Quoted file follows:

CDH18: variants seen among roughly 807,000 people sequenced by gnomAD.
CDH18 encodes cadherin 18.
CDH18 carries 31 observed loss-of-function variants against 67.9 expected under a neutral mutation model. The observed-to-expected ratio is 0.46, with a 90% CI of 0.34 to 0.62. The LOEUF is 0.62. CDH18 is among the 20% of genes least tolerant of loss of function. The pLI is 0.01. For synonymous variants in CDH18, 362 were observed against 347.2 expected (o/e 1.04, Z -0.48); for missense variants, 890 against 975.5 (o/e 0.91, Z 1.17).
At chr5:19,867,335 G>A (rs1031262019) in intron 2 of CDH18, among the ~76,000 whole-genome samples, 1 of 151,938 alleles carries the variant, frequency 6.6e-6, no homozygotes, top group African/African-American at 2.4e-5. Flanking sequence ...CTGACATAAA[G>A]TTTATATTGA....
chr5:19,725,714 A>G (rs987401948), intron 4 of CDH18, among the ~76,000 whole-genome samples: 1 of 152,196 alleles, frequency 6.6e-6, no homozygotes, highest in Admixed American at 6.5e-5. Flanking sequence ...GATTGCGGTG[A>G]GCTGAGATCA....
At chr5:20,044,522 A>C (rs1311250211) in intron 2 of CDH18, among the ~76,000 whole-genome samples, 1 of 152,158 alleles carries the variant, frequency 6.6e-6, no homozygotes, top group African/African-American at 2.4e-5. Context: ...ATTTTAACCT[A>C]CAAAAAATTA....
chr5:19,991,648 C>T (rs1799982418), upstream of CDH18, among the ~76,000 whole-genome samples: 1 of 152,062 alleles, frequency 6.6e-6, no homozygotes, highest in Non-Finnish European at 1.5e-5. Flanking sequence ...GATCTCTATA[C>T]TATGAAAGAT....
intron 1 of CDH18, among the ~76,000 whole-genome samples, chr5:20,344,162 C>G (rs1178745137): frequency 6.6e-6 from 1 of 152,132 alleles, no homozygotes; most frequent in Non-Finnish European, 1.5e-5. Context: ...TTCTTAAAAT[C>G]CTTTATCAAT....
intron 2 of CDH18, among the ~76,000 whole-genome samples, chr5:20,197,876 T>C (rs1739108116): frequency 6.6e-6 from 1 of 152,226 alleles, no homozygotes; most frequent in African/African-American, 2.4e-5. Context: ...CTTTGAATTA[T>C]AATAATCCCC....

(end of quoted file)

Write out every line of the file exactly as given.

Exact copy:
CDH18: variants seen among roughly 807,000 people sequenced by gnomAD.
CDH18 encodes cadherin 18.
CDH18 carries 31 observed loss-of-function variants against 67.9 expected under a neutral mutation model. The observed-to-expected ratio is 0.46, with a 90% CI of 0.34 to 0.62. The LOEUF is 0.62. CDH18 is among the 20% of genes least tolerant of loss of function. The pLI is 0.01. For synonymous variants in CDH18, 362 were observed against 347.2 expected (o/e 1.04, Z -0.48); for missense variants, 890 against 975.5 (o/e 0.91, Z 1.17).
At chr5:19,867,335 G>A (rs1031262019) in intron 2 of CDH18, among the ~76,000 whole-genome samples, 1 of 151,938 alleles carries the variant, frequency 6.6e-6, no homozygotes, top group African/African-American at 2.4e-5. Flanking sequence ...CTGACATAAA[G>A]TTTATATTGA....
chr5:19,725,714 A>G (rs987401948), intron 4 of CDH18, among the ~76,000 whole-genome samples: 1 of 152,196 alleles, frequency 6.6e-6, no homozygotes, highest in Admixed American at 6.5e-5. Flanking sequence ...GATTGCGGTG[A>G]GCTGAGATCA....
At chr5:20,044,522 A>C (rs1311250211) in intron 2 of CDH18, among the ~76,000 whole-genome samples, 1 of 152,158 alleles carries the variant, frequency 6.6e-6, no homozygotes, top group African/African-American at 2.4e-5. Context: ...ATTTTAACCT[A>C]CAAAAAATTA....
chr5:19,991,648 C>T (rs1799982418), upstream of CDH18, among the ~76,000 whole-genome samples: 1 of 152,062 alleles, frequency 6.6e-6, no homozygotes, highest in Non-Finnish European at 1.5e-5. Flanking sequence ...GATCTCTATA[C>T]TATGAAAGAT....
intron 1 of CDH18, among the ~76,000 whole-genome samples, chr5:20,344,162 C>G (rs1178745137): frequency 6.6e-6 from 1 of 152,132 alleles, no homozygotes; most frequent in Non-Finnish European, 1.5e-5. Context: ...TTCTTAAAAT[C>G]CTTTATCAAT....
intron 2 of CDH18, among the ~76,000 whole-genome samples, chr5:20,197,876 T>C (rs1739108116): frequency 6.6e-6 from 1 of 152,226 alleles, no homozygotes; most frequent in African/African-American, 2.4e-5. Context: ...CTTTGAATTA[T>C]AATAATCCCC....